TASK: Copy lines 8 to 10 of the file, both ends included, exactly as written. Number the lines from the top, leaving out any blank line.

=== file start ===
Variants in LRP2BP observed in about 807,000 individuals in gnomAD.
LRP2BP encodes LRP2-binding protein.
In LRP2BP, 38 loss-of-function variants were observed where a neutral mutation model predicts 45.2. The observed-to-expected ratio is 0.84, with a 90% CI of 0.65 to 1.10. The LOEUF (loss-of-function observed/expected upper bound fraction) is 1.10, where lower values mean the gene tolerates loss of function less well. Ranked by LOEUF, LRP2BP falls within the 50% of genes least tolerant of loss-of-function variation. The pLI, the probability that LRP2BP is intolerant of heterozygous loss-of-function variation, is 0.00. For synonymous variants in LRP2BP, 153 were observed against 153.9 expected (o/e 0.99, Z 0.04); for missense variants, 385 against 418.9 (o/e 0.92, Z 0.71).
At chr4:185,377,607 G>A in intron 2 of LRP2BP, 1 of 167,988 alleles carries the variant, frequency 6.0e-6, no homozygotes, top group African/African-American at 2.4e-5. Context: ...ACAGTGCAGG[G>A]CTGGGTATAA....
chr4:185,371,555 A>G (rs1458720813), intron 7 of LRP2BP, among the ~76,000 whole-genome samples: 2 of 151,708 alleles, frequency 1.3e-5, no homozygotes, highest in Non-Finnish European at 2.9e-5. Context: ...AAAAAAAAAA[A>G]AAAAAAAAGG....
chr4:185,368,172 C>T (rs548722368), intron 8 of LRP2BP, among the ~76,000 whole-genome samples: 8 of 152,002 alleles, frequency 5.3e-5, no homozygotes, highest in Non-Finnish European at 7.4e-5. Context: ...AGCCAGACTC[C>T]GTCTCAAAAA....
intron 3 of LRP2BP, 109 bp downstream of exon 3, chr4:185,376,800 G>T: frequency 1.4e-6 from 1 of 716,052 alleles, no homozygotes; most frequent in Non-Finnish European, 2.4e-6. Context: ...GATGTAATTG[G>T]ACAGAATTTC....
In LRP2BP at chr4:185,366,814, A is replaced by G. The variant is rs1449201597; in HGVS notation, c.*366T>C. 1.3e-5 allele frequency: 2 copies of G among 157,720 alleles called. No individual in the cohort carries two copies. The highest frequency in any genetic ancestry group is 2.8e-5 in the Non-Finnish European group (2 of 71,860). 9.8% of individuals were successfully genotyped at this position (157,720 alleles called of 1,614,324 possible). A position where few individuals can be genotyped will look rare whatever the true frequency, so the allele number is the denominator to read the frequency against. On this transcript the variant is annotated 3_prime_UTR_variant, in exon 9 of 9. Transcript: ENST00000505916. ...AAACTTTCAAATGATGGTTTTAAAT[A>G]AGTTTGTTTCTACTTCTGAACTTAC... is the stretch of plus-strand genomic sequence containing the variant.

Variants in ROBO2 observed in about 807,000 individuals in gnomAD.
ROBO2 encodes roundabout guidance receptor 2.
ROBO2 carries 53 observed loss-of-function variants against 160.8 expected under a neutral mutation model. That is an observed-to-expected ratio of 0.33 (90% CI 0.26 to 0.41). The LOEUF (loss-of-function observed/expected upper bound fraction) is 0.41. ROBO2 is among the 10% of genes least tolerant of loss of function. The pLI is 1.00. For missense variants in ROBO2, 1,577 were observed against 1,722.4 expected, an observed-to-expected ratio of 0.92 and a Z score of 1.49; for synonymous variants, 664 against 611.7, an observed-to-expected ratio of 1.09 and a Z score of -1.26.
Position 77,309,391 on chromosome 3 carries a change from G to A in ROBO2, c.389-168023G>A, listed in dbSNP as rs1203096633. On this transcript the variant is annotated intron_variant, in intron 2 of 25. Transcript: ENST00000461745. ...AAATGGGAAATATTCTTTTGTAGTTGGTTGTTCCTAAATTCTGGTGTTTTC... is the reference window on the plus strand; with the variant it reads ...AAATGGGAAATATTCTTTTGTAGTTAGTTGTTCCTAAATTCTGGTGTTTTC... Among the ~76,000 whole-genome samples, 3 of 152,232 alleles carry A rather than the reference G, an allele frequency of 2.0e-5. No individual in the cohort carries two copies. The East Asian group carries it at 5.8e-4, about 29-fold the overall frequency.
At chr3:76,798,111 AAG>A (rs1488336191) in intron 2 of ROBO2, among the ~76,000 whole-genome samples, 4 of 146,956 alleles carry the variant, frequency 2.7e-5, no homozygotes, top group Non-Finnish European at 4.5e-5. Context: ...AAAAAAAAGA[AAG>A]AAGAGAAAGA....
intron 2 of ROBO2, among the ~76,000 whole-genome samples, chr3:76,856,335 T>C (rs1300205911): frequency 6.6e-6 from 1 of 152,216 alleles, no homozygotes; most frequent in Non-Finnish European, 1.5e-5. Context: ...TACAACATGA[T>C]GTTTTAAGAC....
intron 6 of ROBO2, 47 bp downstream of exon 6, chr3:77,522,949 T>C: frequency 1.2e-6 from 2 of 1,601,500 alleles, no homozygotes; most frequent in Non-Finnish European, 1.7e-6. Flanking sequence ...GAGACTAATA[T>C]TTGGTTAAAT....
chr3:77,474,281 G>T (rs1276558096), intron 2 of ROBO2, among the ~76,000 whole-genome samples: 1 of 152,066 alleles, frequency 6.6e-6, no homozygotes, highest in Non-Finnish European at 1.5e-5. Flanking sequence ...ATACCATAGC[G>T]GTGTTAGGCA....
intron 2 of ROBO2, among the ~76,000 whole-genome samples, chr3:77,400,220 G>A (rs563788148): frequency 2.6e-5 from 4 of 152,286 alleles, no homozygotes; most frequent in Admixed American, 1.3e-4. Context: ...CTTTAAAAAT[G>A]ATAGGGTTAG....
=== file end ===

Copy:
In LRP2BP at chr4:185,366,814, A is replaced by G. The variant is rs1449201597; in HGVS notation, c.*366T>C. 1.3e-5 allele frequency: 2 copies of G among 157,720 alleles called. No individual in the cohort carries two copies. The highest frequency in any genetic ancestry group is 2.8e-5 in the Non-Finnish European group (2 of 71,860). 9.8% of individuals were successfully genotyped at this position (157,720 alleles called of 1,614,324 possible). A position where few individuals can be genotyped will look rare whatever the true frequency, so the allele number is the denominator to read the frequency against. On this transcript the variant is annotated 3_prime_UTR_variant, in exon 9 of 9. Transcript: ENST00000505916. ...AAACTTTCAAATGATGGTTTTAAAT[A>G]AGTTTGTTTCTACTTCTGAACTTAC... is the stretch of plus-strand genomic sequence containing the variant.

Variants in ROBO2 observed in about 807,000 individuals in gnomAD.
ROBO2 encodes roundabout guidance receptor 2.